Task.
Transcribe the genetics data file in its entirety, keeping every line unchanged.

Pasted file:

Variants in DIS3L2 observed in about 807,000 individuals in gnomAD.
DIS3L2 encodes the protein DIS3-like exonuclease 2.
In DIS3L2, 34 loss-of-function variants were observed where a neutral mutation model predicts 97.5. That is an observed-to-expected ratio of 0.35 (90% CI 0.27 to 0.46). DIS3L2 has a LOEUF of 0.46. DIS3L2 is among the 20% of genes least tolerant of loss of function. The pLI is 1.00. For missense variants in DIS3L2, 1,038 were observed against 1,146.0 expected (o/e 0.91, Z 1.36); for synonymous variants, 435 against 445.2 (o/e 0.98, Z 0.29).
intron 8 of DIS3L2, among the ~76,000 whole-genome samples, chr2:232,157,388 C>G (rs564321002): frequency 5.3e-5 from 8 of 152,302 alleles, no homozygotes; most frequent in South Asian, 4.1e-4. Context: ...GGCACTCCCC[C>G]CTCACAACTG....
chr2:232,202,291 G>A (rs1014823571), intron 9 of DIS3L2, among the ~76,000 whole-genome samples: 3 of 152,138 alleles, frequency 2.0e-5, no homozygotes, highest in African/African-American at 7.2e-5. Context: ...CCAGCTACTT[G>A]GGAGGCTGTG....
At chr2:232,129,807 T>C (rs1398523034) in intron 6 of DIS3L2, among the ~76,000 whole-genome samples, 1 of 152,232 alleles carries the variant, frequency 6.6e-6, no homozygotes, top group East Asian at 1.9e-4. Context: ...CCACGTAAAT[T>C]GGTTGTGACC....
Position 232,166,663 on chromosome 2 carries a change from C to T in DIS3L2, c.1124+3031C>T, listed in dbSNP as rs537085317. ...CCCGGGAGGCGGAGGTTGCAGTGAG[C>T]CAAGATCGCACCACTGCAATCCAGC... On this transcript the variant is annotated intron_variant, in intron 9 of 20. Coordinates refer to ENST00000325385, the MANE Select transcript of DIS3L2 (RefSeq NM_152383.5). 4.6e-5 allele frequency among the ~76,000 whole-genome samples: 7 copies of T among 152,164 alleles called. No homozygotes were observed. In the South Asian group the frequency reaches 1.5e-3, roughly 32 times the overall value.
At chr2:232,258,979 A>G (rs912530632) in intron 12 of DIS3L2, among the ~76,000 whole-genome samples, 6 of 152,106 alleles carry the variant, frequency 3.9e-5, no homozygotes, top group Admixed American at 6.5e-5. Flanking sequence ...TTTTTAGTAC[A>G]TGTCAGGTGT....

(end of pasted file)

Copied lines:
Variants in DIS3L2 observed in about 807,000 individuals in gnomAD.
DIS3L2 encodes the protein DIS3-like exonuclease 2.
In DIS3L2, 34 loss-of-function variants were observed where a neutral mutation model predicts 97.5. That is an observed-to-expected ratio of 0.35 (90% CI 0.27 to 0.46). DIS3L2 has a LOEUF of 0.46. DIS3L2 is among the 20% of genes least tolerant of loss of function. The pLI is 1.00. For missense variants in DIS3L2, 1,038 were observed against 1,146.0 expected (o/e 0.91, Z 1.36); for synonymous variants, 435 against 445.2 (o/e 0.98, Z 0.29).
intron 8 of DIS3L2, among the ~76,000 whole-genome samples, chr2:232,157,388 C>G (rs564321002): frequency 5.3e-5 from 8 of 152,302 alleles, no homozygotes; most frequent in South Asian, 4.1e-4. Context: ...GGCACTCCCC[C>G]CTCACAACTG....
chr2:232,202,291 G>A (rs1014823571), intron 9 of DIS3L2, among the ~76,000 whole-genome samples: 3 of 152,138 alleles, frequency 2.0e-5, no homozygotes, highest in African/African-American at 7.2e-5. Context: ...CCAGCTACTT[G>A]GGAGGCTGTG....
At chr2:232,129,807 T>C (rs1398523034) in intron 6 of DIS3L2, among the ~76,000 whole-genome samples, 1 of 152,232 alleles carries the variant, frequency 6.6e-6, no homozygotes, top group East Asian at 1.9e-4. Context: ...CCACGTAAAT[T>C]GGTTGTGACC....
Position 232,166,663 on chromosome 2 carries a change from C to T in DIS3L2, c.1124+3031C>T, listed in dbSNP as rs537085317. ...CCCGGGAGGCGGAGGTTGCAGTGAG[C>T]CAAGATCGCACCACTGCAATCCAGC... On this transcript the variant is annotated intron_variant, in intron 9 of 20. Coordinates refer to ENST00000325385, the MANE Select transcript of DIS3L2 (RefSeq NM_152383.5). 4.6e-5 allele frequency among the ~76,000 whole-genome samples: 7 copies of T among 152,164 alleles called. No homozygotes were observed. In the South Asian group the frequency reaches 1.5e-3, roughly 32 times the overall value.
At chr2:232,258,979 A>G (rs912530632) in intron 12 of DIS3L2, among the ~76,000 whole-genome samples, 6 of 152,106 alleles carry the variant, frequency 3.9e-5, no homozygotes, top group Admixed American at 6.5e-5. Flanking sequence ...TTTTTAGTAC[A>G]TGTCAGGTGT....